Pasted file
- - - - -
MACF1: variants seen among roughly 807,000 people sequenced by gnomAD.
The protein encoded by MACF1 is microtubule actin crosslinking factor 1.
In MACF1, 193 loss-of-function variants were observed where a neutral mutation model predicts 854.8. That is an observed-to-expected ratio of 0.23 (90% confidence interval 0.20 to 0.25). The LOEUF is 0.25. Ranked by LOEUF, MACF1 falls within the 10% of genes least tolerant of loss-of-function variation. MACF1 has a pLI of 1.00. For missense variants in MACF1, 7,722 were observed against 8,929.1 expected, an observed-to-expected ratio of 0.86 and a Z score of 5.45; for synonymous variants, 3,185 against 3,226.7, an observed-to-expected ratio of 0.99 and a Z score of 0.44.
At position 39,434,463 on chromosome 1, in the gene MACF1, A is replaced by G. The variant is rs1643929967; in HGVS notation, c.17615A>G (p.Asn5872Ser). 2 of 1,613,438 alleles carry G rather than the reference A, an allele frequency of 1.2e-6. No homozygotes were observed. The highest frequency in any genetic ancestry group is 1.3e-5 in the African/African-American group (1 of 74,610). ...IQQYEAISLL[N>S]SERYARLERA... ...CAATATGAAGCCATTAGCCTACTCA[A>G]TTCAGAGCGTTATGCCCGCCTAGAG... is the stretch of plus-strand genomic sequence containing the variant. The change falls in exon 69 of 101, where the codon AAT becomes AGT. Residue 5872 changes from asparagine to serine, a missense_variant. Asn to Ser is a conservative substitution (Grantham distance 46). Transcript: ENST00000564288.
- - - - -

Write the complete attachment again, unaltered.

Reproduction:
MACF1: variants seen among roughly 807,000 people sequenced by gnomAD.
The protein encoded by MACF1 is microtubule actin crosslinking factor 1.
In MACF1, 193 loss-of-function variants were observed where a neutral mutation model predicts 854.8. That is an observed-to-expected ratio of 0.23 (90% confidence interval 0.20 to 0.25). The LOEUF is 0.25. Ranked by LOEUF, MACF1 falls within the 10% of genes least tolerant of loss-of-function variation. MACF1 has a pLI of 1.00. For missense variants in MACF1, 7,722 were observed against 8,929.1 expected, an observed-to-expected ratio of 0.86 and a Z score of 5.45; for synonymous variants, 3,185 against 3,226.7, an observed-to-expected ratio of 0.99 and a Z score of 0.44.
At position 39,434,463 on chromosome 1, in the gene MACF1, A is replaced by G. The variant is rs1643929967; in HGVS notation, c.17615A>G (p.Asn5872Ser). 2 of 1,613,438 alleles carry G rather than the reference A, an allele frequency of 1.2e-6. No homozygotes were observed. The highest frequency in any genetic ancestry group is 1.3e-5 in the African/African-American group (1 of 74,610). ...IQQYEAISLL[N>S]SERYARLERA... ...CAATATGAAGCCATTAGCCTACTCA[A>G]TTCAGAGCGTTATGCCCGCCTAGAG... is the stretch of plus-strand genomic sequence containing the variant. The change falls in exon 69 of 101, where the codon AAT becomes AGT. Residue 5872 changes from asparagine to serine, a missense_variant. Asn to Ser is a conservative substitution (Grantham distance 46). Transcript: ENST00000564288.